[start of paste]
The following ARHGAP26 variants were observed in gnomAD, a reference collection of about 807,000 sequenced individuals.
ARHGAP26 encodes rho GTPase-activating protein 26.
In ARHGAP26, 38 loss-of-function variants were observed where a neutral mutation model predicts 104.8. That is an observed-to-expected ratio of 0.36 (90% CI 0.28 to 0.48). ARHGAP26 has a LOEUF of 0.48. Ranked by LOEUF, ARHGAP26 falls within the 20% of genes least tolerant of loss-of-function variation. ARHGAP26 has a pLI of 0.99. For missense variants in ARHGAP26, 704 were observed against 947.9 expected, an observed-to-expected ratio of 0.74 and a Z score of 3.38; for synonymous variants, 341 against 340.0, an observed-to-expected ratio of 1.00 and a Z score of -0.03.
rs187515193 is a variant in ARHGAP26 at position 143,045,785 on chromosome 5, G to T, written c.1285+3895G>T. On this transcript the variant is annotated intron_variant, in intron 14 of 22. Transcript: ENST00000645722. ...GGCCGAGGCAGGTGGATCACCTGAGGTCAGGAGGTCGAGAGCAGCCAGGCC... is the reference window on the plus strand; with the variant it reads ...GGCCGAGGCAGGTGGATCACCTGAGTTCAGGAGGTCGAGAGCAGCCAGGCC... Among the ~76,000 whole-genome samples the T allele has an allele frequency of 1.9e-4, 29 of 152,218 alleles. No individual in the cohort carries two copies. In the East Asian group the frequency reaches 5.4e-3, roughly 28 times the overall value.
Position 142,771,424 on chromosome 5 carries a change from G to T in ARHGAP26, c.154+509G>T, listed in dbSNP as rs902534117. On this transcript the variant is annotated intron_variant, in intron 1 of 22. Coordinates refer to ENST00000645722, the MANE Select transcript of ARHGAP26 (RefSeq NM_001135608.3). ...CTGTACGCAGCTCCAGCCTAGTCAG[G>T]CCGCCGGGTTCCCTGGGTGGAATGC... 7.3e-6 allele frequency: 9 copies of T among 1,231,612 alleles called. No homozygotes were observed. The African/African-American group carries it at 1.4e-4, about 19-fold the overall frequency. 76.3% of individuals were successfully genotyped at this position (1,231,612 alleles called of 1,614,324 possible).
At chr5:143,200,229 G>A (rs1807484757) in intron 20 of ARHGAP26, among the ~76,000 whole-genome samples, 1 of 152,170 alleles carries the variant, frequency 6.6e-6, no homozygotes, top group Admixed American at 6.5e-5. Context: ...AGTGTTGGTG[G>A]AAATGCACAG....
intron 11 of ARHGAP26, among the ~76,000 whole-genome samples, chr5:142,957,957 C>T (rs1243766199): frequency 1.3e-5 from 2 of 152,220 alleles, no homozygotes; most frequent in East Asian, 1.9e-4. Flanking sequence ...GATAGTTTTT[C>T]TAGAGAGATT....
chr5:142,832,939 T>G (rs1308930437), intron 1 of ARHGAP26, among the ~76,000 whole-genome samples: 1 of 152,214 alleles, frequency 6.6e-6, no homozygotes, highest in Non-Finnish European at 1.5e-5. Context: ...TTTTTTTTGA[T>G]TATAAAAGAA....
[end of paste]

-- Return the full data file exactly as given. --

The following ARHGAP26 variants were observed in gnomAD, a reference collection of about 807,000 sequenced individuals.
ARHGAP26 encodes rho GTPase-activating protein 26.
In ARHGAP26, 38 loss-of-function variants were observed where a neutral mutation model predicts 104.8. That is an observed-to-expected ratio of 0.36 (90% CI 0.28 to 0.48). ARHGAP26 has a LOEUF of 0.48. Ranked by LOEUF, ARHGAP26 falls within the 20% of genes least tolerant of loss-of-function variation. ARHGAP26 has a pLI of 0.99. For missense variants in ARHGAP26, 704 were observed against 947.9 expected, an observed-to-expected ratio of 0.74 and a Z score of 3.38; for synonymous variants, 341 against 340.0, an observed-to-expected ratio of 1.00 and a Z score of -0.03.
rs187515193 is a variant in ARHGAP26 at position 143,045,785 on chromosome 5, G to T, written c.1285+3895G>T. On this transcript the variant is annotated intron_variant, in intron 14 of 22. Transcript: ENST00000645722. ...GGCCGAGGCAGGTGGATCACCTGAGGTCAGGAGGTCGAGAGCAGCCAGGCC... is the reference window on the plus strand; with the variant it reads ...GGCCGAGGCAGGTGGATCACCTGAGTTCAGGAGGTCGAGAGCAGCCAGGCC... Among the ~76,000 whole-genome samples the T allele has an allele frequency of 1.9e-4, 29 of 152,218 alleles. No individual in the cohort carries two copies. In the East Asian group the frequency reaches 5.4e-3, roughly 28 times the overall value.
Position 142,771,424 on chromosome 5 carries a change from G to T in ARHGAP26, c.154+509G>T, listed in dbSNP as rs902534117. On this transcript the variant is annotated intron_variant, in intron 1 of 22. Coordinates refer to ENST00000645722, the MANE Select transcript of ARHGAP26 (RefSeq NM_001135608.3). ...CTGTACGCAGCTCCAGCCTAGTCAG[G>T]CCGCCGGGTTCCCTGGGTGGAATGC... 7.3e-6 allele frequency: 9 copies of T among 1,231,612 alleles called. No homozygotes were observed. The African/African-American group carries it at 1.4e-4, about 19-fold the overall frequency. 76.3% of individuals were successfully genotyped at this position (1,231,612 alleles called of 1,614,324 possible).
At chr5:143,200,229 G>A (rs1807484757) in intron 20 of ARHGAP26, among the ~76,000 whole-genome samples, 1 of 152,170 alleles carries the variant, frequency 6.6e-6, no homozygotes, top group Admixed American at 6.5e-5. Context: ...AGTGTTGGTG[G>A]AAATGCACAG....
intron 11 of ARHGAP26, among the ~76,000 whole-genome samples, chr5:142,957,957 C>T (rs1243766199): frequency 1.3e-5 from 2 of 152,220 alleles, no homozygotes; most frequent in East Asian, 1.9e-4. Flanking sequence ...GATAGTTTTT[C>T]TAGAGAGATT....
chr5:142,832,939 T>G (rs1308930437), intron 1 of ARHGAP26, among the ~76,000 whole-genome samples: 1 of 152,214 alleles, frequency 6.6e-6, no homozygotes, highest in Non-Finnish European at 1.5e-5. Context: ...TTTTTTTTGA[T>G]TATAAAAGAA....